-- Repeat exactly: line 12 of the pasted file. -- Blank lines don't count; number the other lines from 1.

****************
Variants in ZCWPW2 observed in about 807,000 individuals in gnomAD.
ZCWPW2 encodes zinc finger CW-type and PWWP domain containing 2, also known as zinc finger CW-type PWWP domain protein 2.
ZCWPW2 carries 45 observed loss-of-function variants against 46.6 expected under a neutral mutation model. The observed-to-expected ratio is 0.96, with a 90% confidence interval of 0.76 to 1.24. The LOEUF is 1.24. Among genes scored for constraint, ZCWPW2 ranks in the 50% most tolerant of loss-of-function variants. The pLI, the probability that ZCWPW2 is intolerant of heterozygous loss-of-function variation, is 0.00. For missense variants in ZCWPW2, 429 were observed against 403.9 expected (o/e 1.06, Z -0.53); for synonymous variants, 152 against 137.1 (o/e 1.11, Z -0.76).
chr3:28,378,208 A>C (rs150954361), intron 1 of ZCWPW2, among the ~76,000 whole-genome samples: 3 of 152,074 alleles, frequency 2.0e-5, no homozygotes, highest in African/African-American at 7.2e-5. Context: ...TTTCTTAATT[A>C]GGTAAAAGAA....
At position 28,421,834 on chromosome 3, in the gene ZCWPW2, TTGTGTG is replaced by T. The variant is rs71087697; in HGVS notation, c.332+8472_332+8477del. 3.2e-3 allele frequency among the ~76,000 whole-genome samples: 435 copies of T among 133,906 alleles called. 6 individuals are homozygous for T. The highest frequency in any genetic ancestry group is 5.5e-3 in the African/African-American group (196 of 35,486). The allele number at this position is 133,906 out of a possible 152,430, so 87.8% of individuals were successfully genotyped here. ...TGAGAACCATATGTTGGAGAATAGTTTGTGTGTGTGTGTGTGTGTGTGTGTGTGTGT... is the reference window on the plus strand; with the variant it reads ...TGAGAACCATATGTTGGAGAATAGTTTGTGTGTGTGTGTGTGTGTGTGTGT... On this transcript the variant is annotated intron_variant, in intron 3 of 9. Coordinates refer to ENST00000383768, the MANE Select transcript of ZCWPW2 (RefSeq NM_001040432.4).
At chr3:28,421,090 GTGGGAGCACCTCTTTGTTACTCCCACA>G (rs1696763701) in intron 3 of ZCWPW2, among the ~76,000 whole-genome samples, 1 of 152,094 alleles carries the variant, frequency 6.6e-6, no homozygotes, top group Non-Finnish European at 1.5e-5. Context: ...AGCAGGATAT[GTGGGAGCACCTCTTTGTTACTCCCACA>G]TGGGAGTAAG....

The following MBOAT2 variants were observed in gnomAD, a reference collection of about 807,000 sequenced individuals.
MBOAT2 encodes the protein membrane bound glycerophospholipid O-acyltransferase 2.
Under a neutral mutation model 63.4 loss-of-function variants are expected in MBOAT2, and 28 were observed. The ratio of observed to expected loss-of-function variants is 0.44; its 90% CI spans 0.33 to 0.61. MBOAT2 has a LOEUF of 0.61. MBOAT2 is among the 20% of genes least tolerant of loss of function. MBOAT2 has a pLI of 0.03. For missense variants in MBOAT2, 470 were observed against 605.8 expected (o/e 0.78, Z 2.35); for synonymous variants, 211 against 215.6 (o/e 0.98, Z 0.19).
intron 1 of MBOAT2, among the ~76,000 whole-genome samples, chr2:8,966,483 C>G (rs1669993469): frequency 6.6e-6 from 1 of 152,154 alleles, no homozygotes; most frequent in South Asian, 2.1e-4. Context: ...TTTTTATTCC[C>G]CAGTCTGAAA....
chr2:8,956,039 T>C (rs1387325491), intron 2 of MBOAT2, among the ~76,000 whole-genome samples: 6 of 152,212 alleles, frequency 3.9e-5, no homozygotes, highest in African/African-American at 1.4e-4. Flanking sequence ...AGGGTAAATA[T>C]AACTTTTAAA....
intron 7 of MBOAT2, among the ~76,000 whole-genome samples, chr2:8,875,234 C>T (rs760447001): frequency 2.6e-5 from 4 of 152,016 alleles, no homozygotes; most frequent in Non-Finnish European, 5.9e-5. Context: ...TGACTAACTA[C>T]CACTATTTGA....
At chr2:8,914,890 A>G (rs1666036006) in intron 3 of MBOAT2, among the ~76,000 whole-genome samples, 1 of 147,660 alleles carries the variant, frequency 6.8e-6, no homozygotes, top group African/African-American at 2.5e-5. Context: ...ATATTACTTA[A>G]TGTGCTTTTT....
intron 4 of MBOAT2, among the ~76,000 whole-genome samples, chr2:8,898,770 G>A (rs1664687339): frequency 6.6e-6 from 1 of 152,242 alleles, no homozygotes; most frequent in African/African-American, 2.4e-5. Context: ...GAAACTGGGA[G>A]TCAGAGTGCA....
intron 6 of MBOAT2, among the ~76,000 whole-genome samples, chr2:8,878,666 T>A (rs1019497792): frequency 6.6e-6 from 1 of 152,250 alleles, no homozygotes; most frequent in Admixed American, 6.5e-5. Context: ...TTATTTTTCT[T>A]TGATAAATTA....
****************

intron 7 of MBOAT2, among the ~76,000 whole-genome samples, chr2:8,875,234 C>T (rs760447001): frequency 2.6e-5 from 4 of 152,016 alleles, no homozygotes; most frequent in Non-Finnish European, 5.9e-5. Context: ...TGACTAACTA[C>T]CACTATTTGA....